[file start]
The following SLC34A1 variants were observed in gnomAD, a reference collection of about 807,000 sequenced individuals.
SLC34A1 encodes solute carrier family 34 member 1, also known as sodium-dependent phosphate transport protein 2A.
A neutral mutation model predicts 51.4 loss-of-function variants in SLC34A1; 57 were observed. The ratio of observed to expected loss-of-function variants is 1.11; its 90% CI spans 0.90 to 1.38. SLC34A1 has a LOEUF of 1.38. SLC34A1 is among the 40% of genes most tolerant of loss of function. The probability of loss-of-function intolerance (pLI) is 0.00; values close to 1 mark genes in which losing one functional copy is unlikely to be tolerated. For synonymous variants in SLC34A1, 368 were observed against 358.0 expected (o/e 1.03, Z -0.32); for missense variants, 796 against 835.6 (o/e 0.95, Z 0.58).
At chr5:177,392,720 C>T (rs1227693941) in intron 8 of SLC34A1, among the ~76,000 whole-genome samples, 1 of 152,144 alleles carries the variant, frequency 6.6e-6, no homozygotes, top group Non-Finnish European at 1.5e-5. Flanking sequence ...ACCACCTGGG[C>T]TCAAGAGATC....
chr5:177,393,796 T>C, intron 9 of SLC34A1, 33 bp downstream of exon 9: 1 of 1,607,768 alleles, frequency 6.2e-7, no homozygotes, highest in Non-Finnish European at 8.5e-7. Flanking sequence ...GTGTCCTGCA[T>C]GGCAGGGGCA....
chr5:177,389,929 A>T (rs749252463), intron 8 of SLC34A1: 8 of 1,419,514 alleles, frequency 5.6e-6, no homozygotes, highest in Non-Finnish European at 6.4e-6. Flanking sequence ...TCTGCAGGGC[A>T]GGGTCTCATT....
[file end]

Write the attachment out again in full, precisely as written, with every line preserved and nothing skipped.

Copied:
The following SLC34A1 variants were observed in gnomAD, a reference collection of about 807,000 sequenced individuals.
SLC34A1 encodes solute carrier family 34 member 1, also known as sodium-dependent phosphate transport protein 2A.
A neutral mutation model predicts 51.4 loss-of-function variants in SLC34A1; 57 were observed. The ratio of observed to expected loss-of-function variants is 1.11; its 90% CI spans 0.90 to 1.38. SLC34A1 has a LOEUF of 1.38. SLC34A1 is among the 40% of genes most tolerant of loss of function. The probability of loss-of-function intolerance (pLI) is 0.00; values close to 1 mark genes in which losing one functional copy is unlikely to be tolerated. For synonymous variants in SLC34A1, 368 were observed against 358.0 expected (o/e 1.03, Z -0.32); for missense variants, 796 against 835.6 (o/e 0.95, Z 0.58).
At chr5:177,392,720 C>T (rs1227693941) in intron 8 of SLC34A1, among the ~76,000 whole-genome samples, 1 of 152,144 alleles carries the variant, frequency 6.6e-6, no homozygotes, top group Non-Finnish European at 1.5e-5. Flanking sequence ...ACCACCTGGG[C>T]TCAAGAGATC....
chr5:177,393,796 T>C, intron 9 of SLC34A1, 33 bp downstream of exon 9: 1 of 1,607,768 alleles, frequency 6.2e-7, no homozygotes, highest in Non-Finnish European at 8.5e-7. Flanking sequence ...GTGTCCTGCA[T>C]GGCAGGGGCA....
chr5:177,389,929 A>T (rs749252463), intron 8 of SLC34A1: 8 of 1,419,514 alleles, frequency 5.6e-6, no homozygotes, highest in Non-Finnish European at 6.4e-6. Flanking sequence ...TCTGCAGGGC[A>T]GGGTCTCATT....